Opponents of the Department of Labor fiduciary rule face a daunting obstacle: President Barack Obama.
“When was the last time, if ever, that you heard of a president showing up for the announcement of a proposed rule by a federal agency?” asked James F. Jorden, a Washington attorney and shareholder of Carlton Fields Jorden Burt. “It’s clear that the administration is behind it. It’s a big deal. There’s going to be a rule.”
Jorden made that observation during a session focusing on the DOL rule at LIMRA’s annual meeting in October. Even top insurance executives were surprised by the regulation’s potentially wide impact.
Although the final rule seems inevitable, opposition forces continue to lobby via several different avenues to alter, or even block, the impending fiduciary standard. Many industry observers recall the late-in-the-game victories in summer 2010 that killed the SEC’s Section 151A regulation of indexed annuities.
In that context, let’s review the various strategies rule opponents could employ:
Amendment. In June 2010, Sen. Tom Harkin, D-Iowa, introduced a late amendment to the Dodd-Frank Wall Street Reform and Consumer Protection Act. The amendment was successful and exempted indexed annuities from SEC regulation, ending a two-year fight with the SEC.
Several appropriations bills expected this month offer possible openings for a similar rider stopping the fiduciary rule. However, Democrats appear reluctant to defy the administration, and a presidential veto is always possible. Prognosis: Fair.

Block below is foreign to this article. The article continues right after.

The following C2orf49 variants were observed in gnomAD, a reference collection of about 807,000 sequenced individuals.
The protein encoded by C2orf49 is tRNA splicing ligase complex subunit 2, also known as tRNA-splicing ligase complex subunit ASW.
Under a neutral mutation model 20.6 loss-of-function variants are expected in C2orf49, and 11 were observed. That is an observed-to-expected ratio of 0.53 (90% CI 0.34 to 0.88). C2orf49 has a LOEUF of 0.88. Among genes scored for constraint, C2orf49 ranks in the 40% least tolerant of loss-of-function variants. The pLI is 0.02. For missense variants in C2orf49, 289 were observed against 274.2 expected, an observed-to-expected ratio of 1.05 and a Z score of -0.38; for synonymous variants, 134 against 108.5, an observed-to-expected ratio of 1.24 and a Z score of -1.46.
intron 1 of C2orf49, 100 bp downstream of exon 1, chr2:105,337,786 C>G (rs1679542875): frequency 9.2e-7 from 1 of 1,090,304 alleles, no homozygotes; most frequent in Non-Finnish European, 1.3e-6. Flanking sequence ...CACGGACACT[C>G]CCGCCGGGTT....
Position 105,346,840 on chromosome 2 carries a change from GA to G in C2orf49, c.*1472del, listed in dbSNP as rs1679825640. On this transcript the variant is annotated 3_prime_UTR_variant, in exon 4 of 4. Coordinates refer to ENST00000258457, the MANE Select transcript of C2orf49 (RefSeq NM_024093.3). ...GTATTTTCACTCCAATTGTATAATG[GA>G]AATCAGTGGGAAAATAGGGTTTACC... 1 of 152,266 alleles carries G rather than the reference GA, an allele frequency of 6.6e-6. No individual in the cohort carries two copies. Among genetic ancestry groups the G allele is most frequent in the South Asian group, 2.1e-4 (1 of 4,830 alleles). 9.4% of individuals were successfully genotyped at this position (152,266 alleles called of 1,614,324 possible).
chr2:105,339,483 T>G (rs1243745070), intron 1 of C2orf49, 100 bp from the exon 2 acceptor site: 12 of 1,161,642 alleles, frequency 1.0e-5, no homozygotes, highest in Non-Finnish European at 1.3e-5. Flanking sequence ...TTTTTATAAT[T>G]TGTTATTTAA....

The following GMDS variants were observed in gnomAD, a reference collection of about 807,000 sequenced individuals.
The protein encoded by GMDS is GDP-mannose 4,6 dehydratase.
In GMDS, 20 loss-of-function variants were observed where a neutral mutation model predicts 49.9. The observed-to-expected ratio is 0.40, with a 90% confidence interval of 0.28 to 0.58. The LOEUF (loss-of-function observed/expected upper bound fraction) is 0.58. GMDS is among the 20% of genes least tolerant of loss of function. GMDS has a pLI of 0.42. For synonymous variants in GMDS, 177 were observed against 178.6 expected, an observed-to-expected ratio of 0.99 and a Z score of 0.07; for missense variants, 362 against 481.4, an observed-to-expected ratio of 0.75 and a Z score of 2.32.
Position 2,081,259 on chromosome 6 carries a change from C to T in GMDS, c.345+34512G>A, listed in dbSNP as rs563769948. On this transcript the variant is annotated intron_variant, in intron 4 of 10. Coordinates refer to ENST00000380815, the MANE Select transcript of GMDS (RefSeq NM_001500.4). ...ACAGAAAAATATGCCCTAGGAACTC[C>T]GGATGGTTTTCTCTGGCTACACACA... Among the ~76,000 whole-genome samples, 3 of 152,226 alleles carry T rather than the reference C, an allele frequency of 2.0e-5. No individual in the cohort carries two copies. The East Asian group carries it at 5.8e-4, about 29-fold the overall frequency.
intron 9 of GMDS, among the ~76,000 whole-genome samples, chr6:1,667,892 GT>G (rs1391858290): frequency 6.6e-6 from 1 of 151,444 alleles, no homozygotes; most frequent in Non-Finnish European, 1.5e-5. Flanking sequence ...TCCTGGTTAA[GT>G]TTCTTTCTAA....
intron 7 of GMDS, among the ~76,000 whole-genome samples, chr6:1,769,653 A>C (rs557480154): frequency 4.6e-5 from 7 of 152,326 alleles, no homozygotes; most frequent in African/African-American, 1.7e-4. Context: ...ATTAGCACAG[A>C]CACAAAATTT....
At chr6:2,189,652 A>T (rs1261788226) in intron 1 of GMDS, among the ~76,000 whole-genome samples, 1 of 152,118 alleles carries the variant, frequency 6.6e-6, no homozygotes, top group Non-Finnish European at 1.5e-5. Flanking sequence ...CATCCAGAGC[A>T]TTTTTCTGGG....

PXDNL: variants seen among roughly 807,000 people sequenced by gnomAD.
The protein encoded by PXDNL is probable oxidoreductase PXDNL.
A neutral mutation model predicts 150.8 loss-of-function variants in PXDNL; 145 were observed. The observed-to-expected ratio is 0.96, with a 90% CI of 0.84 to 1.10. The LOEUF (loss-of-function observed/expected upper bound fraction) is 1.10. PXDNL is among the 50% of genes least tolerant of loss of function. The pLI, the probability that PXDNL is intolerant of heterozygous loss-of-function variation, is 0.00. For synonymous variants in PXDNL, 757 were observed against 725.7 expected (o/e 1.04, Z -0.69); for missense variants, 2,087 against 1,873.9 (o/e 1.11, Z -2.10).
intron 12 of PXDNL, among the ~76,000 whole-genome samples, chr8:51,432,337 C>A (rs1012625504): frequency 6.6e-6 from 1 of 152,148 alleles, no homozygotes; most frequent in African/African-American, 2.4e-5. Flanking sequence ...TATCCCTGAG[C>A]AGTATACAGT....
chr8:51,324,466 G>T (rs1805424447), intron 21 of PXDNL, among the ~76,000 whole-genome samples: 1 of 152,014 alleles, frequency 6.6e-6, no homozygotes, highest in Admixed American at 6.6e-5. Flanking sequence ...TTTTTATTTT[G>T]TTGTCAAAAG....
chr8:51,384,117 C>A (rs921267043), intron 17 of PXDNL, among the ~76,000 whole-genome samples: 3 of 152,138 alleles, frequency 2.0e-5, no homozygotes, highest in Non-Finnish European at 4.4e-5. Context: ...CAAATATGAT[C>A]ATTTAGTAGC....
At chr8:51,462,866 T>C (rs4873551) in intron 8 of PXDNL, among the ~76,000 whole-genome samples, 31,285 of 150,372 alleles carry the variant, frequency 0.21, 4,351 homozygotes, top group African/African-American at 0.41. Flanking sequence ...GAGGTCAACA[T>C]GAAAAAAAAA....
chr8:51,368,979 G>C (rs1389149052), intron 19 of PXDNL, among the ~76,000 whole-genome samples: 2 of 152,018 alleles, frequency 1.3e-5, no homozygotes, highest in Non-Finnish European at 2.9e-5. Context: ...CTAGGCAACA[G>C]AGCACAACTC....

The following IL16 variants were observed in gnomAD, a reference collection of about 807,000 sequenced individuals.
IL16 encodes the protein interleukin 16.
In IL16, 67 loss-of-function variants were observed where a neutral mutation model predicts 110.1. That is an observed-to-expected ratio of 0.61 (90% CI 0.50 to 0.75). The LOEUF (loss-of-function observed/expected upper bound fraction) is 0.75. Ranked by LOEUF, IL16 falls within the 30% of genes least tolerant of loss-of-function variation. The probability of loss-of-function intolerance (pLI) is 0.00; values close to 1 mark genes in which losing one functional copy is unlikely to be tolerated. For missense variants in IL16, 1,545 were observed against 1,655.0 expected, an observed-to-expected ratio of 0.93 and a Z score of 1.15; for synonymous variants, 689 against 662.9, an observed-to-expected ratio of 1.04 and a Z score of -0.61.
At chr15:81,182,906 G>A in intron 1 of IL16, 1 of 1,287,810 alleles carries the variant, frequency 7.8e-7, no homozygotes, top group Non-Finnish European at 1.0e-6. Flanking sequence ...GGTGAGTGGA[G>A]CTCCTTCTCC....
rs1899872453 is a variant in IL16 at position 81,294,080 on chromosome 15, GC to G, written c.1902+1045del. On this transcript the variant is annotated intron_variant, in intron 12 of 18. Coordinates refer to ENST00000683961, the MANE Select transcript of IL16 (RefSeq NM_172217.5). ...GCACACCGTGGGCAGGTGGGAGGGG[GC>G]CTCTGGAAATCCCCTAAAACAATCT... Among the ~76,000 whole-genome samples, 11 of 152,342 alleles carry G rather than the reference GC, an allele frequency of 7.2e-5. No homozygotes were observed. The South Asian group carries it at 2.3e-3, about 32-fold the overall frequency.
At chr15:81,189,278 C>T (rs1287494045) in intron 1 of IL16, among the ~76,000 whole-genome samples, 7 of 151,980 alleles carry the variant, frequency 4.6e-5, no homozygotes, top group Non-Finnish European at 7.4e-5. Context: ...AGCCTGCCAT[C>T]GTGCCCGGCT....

Legislation. The Retail Investor Protection Act (RIPA), proposed by Rep. Ann Wagner, R-Mo., would prohibit the Labor Department from instituting new rules governing financial services before the SEC reviews the proposed regulations. The bill passed the full House Oct. 27 by a 245-186 margin.
A similar measure was passed by the House in 2013 but died in the Senate for lack of action. If the RIPA legislation were able to pass the Senate this time, Obama promised to veto the bill. Prognosis: Slim.
Lawsuit. The District of Columbia U.S. Court of Appeals vacated Rule 151A in July 2010, which, coming on the heels of the Harkin amendment, gave opponents a second win against the SEC. The three-judge panel ruled that the SEC “cannot justify the adoption of a particular rule based solely on the assertion that the existence of a rule provides greater clarity to an arena that remained unclear in the absence of any rule.”
Observers disagree on the potential for a lawsuit against the DOL fiduciary rule, but the precedent would seem to favor at least an airing of arguments. Several organizations are at least considering lawsuits after the rule is published, industry insiders say. Prognosis: Good.
Meanwhile, the SEC continues to work on its own fiduciary standard, David Grim, director of the agency’s Division of Investment Management, told House members at an October hearing. That rule is far from completion, he added.
Anyone looking to the SEC to trump the DOL with a less onerous rule would be wise to look elsewhere. The agency is split among Democrat and Republican appointees and has proven unable to agree on a fiduciary standard.
The Warren Effect
Standing in opposition to any softening of the DOL rule is Sen. Elizabeth Warren, D-Mass. The senator has adopted a populist tenor in taking on the insurance industry over annuity sales compensation.
The pro-rule side has a strong public relations angle, said Kim O’Brien, CEO of Americans for Annuity Protection, an annuity awareness group. By painting annuity sellers as opposing a “best interest” standard for their clients, the pro-rule group obfuscates the real negative impact, she said.